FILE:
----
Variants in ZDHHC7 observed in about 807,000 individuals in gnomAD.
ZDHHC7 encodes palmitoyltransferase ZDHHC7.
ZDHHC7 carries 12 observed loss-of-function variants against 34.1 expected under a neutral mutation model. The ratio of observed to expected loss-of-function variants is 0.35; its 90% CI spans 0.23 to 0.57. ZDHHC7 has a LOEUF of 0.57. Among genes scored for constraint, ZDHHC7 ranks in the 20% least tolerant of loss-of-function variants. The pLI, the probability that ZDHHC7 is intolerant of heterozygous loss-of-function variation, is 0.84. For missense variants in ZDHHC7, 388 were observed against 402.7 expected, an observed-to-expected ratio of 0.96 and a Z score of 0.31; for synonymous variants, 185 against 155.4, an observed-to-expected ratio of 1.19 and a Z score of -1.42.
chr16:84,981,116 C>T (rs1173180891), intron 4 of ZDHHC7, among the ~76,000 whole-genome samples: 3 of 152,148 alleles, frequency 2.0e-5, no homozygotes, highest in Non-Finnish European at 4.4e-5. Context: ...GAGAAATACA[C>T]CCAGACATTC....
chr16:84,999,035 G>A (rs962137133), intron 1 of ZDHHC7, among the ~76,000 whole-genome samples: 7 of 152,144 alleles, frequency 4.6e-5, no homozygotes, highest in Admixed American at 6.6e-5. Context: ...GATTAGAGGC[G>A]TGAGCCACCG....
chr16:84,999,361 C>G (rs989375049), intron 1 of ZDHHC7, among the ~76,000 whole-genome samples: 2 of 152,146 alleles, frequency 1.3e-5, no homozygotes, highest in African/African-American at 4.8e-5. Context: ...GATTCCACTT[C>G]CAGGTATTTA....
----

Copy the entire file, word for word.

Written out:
Variants in ZDHHC7 observed in about 807,000 individuals in gnomAD.
ZDHHC7 encodes palmitoyltransferase ZDHHC7.
ZDHHC7 carries 12 observed loss-of-function variants against 34.1 expected under a neutral mutation model. The ratio of observed to expected loss-of-function variants is 0.35; its 90% CI spans 0.23 to 0.57. ZDHHC7 has a LOEUF of 0.57. Among genes scored for constraint, ZDHHC7 ranks in the 20% least tolerant of loss-of-function variants. The pLI, the probability that ZDHHC7 is intolerant of heterozygous loss-of-function variation, is 0.84. For missense variants in ZDHHC7, 388 were observed against 402.7 expected, an observed-to-expected ratio of 0.96 and a Z score of 0.31; for synonymous variants, 185 against 155.4, an observed-to-expected ratio of 1.19 and a Z score of -1.42.
chr16:84,981,116 C>T (rs1173180891), intron 4 of ZDHHC7, among the ~76,000 whole-genome samples: 3 of 152,148 alleles, frequency 2.0e-5, no homozygotes, highest in Non-Finnish European at 4.4e-5. Context: ...GAGAAATACA[C>T]CCAGACATTC....
chr16:84,999,035 G>A (rs962137133), intron 1 of ZDHHC7, among the ~76,000 whole-genome samples: 7 of 152,144 alleles, frequency 4.6e-5, no homozygotes, highest in Admixed American at 6.6e-5. Context: ...GATTAGAGGC[G>A]TGAGCCACCG....
chr16:84,999,361 C>G (rs989375049), intron 1 of ZDHHC7, among the ~76,000 whole-genome samples: 2 of 152,146 alleles, frequency 1.3e-5, no homozygotes, highest in African/African-American at 4.8e-5. Context: ...GATTCCACTT[C>G]CAGGTATTTA....